These aren’t perfect though.  The black material on the phones pick up lint very easily and the aforementioned cord creates a lot of noise when it rubs against clothing, so I wouldn’t recommend these for anyone looking for a headphone to go running with.  The jack is straight rather than the 90 degree angle jack of the Sennheiser earphones I previously owned which creates a smaller profile when stuffing your portable device in a small pocket.  I also miss the Sennheiser’s behind the ear cord, which allowed you take the buds out and have the buds sit around your neck rather than just falling down.  But these are all minor quibbles and the sound quality outweighs any of these shortcomings.  The only potential real issue I’ve noticed that on a few occasions I’ve had them in my ears for extended time (2+ hours) my left ear was getting a little achy where the buds rest against the ear canal.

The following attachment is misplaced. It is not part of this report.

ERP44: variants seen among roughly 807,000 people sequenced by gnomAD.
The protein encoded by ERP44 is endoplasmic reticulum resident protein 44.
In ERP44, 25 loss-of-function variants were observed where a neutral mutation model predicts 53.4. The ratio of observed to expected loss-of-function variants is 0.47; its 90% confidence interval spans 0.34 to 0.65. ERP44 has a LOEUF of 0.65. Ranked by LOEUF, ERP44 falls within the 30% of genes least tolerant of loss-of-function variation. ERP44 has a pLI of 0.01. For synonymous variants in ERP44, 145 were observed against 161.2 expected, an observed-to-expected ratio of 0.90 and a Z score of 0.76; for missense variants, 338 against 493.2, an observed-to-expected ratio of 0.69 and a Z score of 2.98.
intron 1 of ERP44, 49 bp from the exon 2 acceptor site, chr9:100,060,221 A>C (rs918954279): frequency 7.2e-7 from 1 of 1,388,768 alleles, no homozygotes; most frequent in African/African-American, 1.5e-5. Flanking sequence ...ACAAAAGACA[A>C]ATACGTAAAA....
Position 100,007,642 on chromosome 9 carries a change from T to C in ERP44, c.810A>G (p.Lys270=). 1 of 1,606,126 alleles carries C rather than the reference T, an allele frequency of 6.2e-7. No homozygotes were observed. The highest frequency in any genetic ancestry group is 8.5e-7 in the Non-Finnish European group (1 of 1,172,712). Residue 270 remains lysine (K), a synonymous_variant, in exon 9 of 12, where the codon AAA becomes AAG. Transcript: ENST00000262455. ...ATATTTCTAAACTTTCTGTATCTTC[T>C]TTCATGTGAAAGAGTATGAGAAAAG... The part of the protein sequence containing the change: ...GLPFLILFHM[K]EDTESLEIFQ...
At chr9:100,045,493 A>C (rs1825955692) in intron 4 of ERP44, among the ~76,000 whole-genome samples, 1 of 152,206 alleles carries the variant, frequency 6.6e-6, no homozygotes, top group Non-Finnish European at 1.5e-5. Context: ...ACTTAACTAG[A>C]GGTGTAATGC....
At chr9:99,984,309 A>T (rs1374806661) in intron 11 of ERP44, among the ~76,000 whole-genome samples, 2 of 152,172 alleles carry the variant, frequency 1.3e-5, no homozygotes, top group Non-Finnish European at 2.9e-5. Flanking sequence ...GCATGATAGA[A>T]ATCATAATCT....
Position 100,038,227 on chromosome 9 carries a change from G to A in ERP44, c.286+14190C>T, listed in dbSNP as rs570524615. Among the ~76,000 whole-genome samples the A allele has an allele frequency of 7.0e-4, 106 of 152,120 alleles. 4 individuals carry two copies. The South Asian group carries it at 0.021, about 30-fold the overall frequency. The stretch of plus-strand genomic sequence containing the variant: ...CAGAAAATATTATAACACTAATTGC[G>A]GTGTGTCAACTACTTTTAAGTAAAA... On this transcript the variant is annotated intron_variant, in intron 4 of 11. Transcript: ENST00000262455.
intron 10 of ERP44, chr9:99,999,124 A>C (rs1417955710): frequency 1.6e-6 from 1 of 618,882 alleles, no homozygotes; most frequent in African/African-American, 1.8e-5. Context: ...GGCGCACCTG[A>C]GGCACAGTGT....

Overall, given the price point and performance so far, I’d give these a B+.  I’ll update in a few months to let you know how they are holding up.

The Most Interesting Man In the World also got a pair of these, so expect to see a review from him soon too.

Investigating Shenandoah

December 5, 2010

A few weeks ago I decided to go explore an area of Shenandoah National Park I had never been to before, Whiteoak Canyon and Cedar Run.  I decided to take two existing trails and create my own loop that would allow me to get back to my car without having to do any backtracking.  A map of the area I hiked is here.  I drove into the park and parked at the Hawksbill Gap lot.  Parking there would allow me to hike down the Whiteoak Canyon trail, cut over to Cedar Run, and then head up Cedar Run trail back to Hawksbill Gap.